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Measure 58 Draws National Attention

National experts are in Oregon this week arguing both sides of controversial Ballot Measure 58. That’s the initiative to limit teaching English as a Second Language to two years.

As Rob Manning reports both sides are arguing they have the research and results to prove their case.

Rosalie Porter wrote the book, “Forked Tongue” as a scathing indictment of bilingual teaching in the U.S. She has an impressive resume when it comes to  language education.

Porter is a vocal supporter of the kinds of English immersion programs that Oregon would adopt under Measure 58. She says a large-scale study in El Paso showed that students are learning better in immersion programs, than in bilingual programs.

Rosalie Porter: “A number of studies have been done, reliable studies of that kind, that compare groups of children, and show the benefits of the kind of law that I hope the citizens of Oregon will vote for.”

James Crawford: “There’s simply no truth to the fact that these initiatives have been successful for English language learners.”

James Crawford runs the Institute for Language and Education Policy, based in Maryland. He’s a former Education Week reporter.  Ideologically, he’s in the corner opposite Rosalie Porter.

Crawford says researchers from Arizona State University concluded that a similar law in that state has not helped students.

James Crawford: “They found that in one year, 71 percent of the students had not progressed in English, or had even fallen behind from where they’d been at the beginning of the year, under this, basically sink-or-swim situation."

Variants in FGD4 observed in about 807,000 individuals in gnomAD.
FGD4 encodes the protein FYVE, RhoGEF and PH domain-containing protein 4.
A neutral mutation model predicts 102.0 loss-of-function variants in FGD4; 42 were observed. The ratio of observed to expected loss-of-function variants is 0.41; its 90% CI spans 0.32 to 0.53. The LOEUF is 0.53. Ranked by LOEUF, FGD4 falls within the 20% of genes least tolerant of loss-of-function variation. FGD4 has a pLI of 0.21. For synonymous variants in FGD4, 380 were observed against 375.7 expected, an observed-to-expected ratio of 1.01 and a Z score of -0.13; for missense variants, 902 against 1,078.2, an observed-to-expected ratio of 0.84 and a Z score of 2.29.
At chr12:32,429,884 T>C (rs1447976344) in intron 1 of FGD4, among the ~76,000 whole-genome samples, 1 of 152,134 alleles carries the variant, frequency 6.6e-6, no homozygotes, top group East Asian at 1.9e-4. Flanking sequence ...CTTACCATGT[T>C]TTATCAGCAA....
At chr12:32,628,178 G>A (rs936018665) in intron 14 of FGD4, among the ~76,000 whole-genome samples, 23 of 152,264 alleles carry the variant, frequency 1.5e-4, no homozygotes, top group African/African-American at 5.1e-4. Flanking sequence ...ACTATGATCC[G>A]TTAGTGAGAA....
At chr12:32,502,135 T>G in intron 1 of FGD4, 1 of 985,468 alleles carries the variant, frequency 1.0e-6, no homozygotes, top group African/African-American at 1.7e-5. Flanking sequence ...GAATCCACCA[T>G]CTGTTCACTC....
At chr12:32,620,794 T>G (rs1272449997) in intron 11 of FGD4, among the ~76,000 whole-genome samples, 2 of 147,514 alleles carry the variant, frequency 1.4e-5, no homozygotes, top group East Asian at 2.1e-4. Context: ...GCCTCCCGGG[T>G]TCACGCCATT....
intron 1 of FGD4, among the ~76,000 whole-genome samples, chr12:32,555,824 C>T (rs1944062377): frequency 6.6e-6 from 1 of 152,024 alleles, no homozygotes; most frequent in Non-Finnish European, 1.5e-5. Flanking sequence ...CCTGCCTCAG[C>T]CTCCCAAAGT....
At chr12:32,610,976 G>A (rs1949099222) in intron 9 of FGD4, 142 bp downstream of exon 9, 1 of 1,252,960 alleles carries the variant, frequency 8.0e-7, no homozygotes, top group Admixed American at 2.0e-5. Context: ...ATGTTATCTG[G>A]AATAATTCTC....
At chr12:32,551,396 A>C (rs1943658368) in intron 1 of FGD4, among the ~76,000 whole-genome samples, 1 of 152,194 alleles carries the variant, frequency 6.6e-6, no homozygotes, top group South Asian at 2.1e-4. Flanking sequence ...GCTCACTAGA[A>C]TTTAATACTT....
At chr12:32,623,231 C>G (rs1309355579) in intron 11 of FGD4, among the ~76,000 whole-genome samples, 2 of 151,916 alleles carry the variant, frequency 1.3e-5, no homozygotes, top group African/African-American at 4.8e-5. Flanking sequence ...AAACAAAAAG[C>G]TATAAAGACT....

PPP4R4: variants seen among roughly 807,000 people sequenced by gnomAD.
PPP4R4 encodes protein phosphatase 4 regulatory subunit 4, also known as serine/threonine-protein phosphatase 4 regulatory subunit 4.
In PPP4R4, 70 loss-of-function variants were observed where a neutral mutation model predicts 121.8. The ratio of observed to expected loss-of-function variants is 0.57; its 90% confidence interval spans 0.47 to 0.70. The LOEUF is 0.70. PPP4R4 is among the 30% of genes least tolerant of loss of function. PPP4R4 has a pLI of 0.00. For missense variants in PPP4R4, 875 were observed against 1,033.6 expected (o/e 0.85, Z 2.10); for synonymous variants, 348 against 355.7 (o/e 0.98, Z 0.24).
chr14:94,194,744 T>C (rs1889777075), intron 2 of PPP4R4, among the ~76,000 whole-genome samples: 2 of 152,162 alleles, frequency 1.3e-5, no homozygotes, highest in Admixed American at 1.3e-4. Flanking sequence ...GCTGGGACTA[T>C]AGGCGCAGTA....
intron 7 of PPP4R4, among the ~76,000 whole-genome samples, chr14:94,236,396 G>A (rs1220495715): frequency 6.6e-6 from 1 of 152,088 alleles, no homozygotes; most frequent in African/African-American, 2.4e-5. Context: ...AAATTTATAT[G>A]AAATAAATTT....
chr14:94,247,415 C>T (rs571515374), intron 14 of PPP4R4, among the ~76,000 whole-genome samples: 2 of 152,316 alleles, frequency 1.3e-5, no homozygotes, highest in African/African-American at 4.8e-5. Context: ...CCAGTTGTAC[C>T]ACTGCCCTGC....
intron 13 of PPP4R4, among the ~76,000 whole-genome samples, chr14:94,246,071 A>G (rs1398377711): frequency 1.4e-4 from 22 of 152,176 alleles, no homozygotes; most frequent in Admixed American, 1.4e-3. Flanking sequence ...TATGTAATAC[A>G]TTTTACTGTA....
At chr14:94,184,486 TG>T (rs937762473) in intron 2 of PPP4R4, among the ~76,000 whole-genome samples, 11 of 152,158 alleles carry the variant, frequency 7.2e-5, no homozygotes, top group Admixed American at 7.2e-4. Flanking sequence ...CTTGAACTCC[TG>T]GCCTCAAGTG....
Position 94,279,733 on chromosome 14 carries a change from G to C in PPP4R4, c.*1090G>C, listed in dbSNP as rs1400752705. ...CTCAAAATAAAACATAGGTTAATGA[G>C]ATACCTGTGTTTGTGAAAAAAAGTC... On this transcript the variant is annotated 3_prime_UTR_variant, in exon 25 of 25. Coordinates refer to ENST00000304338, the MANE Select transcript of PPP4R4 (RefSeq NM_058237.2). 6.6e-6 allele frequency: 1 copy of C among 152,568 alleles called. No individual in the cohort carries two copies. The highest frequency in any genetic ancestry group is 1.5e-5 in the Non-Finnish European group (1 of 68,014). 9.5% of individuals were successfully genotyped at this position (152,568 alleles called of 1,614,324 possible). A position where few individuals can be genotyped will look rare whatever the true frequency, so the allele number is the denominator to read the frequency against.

Crawford says the results of state and national assessments show that bilingual and widely-used ESL programs are more effective than immersion.

But Rosalie Porter says other national sources bolster her case- like a 30-year review done by the U.S. Department of Education.  She says the study downplayed the need for native language instruction. Porter says educators conveniently overlooked what that study found.

But there are two places where experts on either side see the same problems. Number one, both say Measure 58 could use help from Oregon lawmakers.

James Crawford cites a Supreme Court case from the early 1970s, which required immigrant students receive the support they need. He says Measure 58  appears to conflict with that decision, more so than previous measures in California, Arizona, and Massachusetts.

James Crawford: “Measure 58 is by far the most extreme of these initiatives, because it has absolutely no flexibility. This is as far as I can tell, a violation of all the civil rights principles that are in place right now.”

Rosalie Porter is not as certain that there’s a looming legal conflict. But she sees a potential opening for legislators to write waivers for Measure 58, like laws in other states have.

Rosalie Porter: “If they have to add a waiver of some sort for parents to do this or that, it’s there. And I will say, I wish the measure were worded more specifically, but the fact is, the measure will do the important thing. It’s going to reduce the amount of native language programs.” 

The two experts also agree that teachers need more training to improve immigrant students' performance.  They say that’s especially important for students in the upper grades, as they try to grasp academic English.

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